Turkish prosecutors have issued a detention warrant for Turkish businessman Sezgin Baran Korkmaz, who has ties to Utah business executives who recently pleaded guilty to a $511 million tax credit scheme in the U.S., the Associated Press (AP) reported.
According to Anadolu Agency, Turkey’s state-run news agency, prosecutors issued the warrant after a joint probe by Turkish financial crime investigators and tax authorities into a reported $132 million money laundering scheme in Turkey, the AP reported.
Warrants were issued for directors of 19 companies owned by Korkmaz, with 10 of them detained for questioning in Istanbul and three other cities, Anadolu reported, per the AP. Korkmaz owned SBK Holding, which owned the now-defunct Borajet airline and other companies.
However, Korkmaz has allegedly left the country with seven other suspects, according to the AP, despite a travel ban, and there is no information available on his current whereabouts. In Utah, Korkmaz worked with Jacob and Isaiah Kingston, brothers and executives of a Salt Lake City-based biodiesel company.
The Kingstons pleaded guilty in the tax credit scheme in the U.S., which involved the Washakie Renewable Energy company. The U.S. claimed the company was creating fake production records between 2010 and 2016 in order to access renewable fuel tax credits, which it would then launder, the AP reported.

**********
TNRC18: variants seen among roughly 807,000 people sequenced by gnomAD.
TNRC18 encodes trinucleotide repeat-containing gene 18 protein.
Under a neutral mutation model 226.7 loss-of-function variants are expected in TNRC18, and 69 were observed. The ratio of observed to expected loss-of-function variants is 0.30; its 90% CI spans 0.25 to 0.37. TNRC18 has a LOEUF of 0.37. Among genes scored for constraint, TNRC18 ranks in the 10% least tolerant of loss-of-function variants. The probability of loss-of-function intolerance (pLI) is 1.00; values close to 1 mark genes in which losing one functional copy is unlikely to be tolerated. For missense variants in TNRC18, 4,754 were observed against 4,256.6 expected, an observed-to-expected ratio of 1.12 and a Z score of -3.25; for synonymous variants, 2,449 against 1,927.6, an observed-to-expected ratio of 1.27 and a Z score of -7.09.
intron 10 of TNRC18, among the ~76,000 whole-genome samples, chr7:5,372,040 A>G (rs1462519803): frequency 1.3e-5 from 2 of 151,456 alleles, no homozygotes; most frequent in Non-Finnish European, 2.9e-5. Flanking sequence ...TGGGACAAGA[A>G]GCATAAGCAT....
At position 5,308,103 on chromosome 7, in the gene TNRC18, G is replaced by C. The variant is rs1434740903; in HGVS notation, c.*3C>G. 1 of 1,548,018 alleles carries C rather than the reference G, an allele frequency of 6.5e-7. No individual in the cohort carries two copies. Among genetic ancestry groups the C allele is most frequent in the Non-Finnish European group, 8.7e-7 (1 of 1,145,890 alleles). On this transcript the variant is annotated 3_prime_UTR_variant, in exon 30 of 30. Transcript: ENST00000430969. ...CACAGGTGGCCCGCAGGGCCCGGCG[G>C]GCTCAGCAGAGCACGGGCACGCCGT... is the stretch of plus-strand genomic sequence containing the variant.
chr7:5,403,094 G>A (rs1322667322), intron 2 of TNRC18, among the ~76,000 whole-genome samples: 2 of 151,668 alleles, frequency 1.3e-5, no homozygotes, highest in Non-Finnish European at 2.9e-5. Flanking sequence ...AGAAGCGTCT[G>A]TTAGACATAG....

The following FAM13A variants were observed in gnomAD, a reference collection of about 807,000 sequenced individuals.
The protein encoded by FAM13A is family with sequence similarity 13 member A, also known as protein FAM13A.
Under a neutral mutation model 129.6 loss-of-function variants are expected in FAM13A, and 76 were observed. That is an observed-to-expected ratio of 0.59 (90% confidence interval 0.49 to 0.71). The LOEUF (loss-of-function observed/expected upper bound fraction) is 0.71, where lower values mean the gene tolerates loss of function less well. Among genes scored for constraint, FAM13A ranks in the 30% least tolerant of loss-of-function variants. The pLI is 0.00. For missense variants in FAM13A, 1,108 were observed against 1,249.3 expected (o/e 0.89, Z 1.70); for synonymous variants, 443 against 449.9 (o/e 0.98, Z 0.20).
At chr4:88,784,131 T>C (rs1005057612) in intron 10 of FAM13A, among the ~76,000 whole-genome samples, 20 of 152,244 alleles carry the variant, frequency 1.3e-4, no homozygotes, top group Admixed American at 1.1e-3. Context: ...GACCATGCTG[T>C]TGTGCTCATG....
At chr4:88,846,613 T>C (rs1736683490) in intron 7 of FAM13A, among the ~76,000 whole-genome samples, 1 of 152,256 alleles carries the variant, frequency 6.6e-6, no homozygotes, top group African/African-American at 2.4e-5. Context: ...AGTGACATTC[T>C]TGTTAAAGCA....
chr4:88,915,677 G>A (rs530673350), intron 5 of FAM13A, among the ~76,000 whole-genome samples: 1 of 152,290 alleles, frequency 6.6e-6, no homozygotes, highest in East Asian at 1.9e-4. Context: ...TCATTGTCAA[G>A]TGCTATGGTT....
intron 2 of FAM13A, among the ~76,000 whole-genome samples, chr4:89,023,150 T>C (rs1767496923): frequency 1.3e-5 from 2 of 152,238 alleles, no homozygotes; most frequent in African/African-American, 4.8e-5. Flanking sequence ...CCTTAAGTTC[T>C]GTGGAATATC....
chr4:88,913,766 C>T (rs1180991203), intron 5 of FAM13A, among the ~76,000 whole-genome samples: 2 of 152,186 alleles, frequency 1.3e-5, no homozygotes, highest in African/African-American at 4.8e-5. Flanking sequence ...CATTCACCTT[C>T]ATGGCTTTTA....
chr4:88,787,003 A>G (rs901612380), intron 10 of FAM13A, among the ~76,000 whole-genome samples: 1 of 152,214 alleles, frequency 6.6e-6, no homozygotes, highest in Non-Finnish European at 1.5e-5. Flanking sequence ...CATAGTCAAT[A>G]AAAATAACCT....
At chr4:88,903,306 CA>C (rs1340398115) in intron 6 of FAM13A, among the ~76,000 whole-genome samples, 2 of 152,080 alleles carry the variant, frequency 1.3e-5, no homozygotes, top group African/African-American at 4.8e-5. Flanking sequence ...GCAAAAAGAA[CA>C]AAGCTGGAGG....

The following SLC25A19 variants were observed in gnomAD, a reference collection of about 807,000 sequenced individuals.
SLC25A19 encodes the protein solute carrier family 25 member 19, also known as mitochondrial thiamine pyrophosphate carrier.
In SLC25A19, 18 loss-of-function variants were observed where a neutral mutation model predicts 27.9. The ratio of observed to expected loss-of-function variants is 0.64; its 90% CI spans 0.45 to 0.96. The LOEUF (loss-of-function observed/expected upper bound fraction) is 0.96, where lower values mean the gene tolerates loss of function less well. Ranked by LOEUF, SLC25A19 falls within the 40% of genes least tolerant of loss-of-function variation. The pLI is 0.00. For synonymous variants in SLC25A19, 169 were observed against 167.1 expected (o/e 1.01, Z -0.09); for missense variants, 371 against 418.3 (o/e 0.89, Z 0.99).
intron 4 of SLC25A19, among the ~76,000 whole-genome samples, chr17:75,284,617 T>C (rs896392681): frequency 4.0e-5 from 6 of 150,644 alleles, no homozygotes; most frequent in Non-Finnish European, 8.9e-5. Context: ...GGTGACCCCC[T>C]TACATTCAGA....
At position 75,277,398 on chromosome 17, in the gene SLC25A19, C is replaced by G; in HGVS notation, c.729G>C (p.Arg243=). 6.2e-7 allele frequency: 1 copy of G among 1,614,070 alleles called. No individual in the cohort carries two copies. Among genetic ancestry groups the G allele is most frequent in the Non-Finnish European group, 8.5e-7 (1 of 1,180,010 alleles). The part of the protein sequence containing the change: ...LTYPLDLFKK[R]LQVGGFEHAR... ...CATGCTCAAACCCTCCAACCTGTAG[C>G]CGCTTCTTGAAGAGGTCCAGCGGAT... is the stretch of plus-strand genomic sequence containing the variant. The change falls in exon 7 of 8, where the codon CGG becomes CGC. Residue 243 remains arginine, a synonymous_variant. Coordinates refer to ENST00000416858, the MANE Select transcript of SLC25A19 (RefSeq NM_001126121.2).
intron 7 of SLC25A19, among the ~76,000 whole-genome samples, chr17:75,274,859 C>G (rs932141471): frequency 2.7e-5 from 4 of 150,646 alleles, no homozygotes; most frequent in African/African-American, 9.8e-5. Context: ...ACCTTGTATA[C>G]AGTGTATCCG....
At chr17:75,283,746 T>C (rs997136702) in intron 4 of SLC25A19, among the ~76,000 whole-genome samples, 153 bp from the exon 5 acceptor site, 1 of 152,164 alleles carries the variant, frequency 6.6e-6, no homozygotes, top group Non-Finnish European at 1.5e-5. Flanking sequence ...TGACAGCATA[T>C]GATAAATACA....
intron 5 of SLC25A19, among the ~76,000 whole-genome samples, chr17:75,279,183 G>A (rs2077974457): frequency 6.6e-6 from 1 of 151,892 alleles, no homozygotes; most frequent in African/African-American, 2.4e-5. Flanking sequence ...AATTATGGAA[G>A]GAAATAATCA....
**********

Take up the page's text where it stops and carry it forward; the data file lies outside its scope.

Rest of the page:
According to Turkey’s private DHA news agency, Korkmaz’s home was raided, and investigators found a burnt phone that had been attempted to be destroyed in a fireplace, the AP reported. Servers belonging to SBK Holding were missing.
PYMNTS reported this month that corporate fraud schemes have been ubiquitous as of late. Many of them involve business email compromise (BEC) scams, while some target the vaccine distribution chain. There are also 2.3 percent more financial crimes in areas where corporate accounting fraud has been reported. There was also a connection made between corporate fraud and local financial crimes like robberies.
Also this month, the U.S. Senate passed new anti-money laundering (AML) laws, which would make companies report their beneficial owners to government authorities and promote more information sharing between regulators.